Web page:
The Recovery Plan is not just about the short-term benefits that immediately impact people, but it is about creating an environment that will benefit Slovakia in the long run, says Lívia Vašáková, who leads the reform team at the Government’s Office.
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If reforms are implemented as planned, entrepreneurs can expect better access to justice and skilled workforce more willing to stay or come to work in Slovakia. The ambitious reforms are facing one major risk: the stability of the political environment may hinder the country’s ability to implement the reforms and subsequently the country’s access to the funds from the EU.
TSS: Slovakia has had problems and insufficiencies in drawing EU funds. What will be different this time?
LV: We don’t even want to talk about drawing funds. That’s the rhetoric concerning EU funds and it is based on the primary aim of getting hold of money from the EU coffers. But our primary aim is to improve Slovakia, kick off the convergence process again and direct it towards the most successful countries and the EU average. These are the main motivations behind the Recovery Plan. The plan is a series of reforms and investments divided into milestones and targets.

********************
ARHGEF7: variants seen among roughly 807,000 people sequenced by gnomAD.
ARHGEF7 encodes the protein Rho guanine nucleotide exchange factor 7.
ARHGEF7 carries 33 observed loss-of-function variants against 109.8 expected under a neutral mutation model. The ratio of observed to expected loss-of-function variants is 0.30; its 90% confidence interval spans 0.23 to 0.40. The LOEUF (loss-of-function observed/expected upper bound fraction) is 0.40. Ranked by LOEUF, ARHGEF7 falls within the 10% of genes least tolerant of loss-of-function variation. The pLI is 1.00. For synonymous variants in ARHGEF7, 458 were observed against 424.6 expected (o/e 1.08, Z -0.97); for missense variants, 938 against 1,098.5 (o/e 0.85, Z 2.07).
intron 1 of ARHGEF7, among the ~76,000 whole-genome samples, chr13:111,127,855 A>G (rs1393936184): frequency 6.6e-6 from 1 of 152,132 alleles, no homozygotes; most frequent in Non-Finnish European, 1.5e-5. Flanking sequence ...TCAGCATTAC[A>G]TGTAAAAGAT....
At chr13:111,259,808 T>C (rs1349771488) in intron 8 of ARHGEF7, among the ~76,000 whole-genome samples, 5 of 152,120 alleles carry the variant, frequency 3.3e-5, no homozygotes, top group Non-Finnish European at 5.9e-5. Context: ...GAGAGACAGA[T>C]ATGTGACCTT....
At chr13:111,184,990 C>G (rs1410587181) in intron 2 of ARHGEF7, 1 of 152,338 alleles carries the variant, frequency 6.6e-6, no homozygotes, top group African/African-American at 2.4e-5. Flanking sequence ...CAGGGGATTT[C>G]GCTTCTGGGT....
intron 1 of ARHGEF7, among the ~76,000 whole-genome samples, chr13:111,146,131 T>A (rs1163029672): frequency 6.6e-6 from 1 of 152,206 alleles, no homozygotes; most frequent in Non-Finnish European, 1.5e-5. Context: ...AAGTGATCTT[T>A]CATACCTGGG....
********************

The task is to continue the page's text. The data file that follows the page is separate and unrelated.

is the head of the Recovery Plan section at the Government’s Office. She previously served as the head of economic analyses section at the European Commission Representation in Slovakia, and before that at the Commission’s directorate general for energy in Brussels.
TSS: What are the milestones and what are the targets?
LV: A milestone is a qualitative achievement, while a target is a quantitative achievement most of the time. That means there are clear indicators to measure whether we have managed to improve the country and the quality of life of our citizens. From my viewpoint it is only secondary that we will get money for it, though money may be a key element in setting up the motivation of the main stakeholders.
TSS: So you will not measure the success of the plan by the amount of money that will enter Slovakia?
LV: If we manage to do what we wrote in the plan, it will be just as beneficial for the country as if we spend all the money. At the same time, it is legally binding that as soon as we meet our goals, we will receive the money from Brussels.
TSS: You said that the implementation of the plan will be the main challenge, and as part of that you’re facing a lack of people with the skills and experience to implement the plan in Slovakia. How big is this problem and how does it affect your work?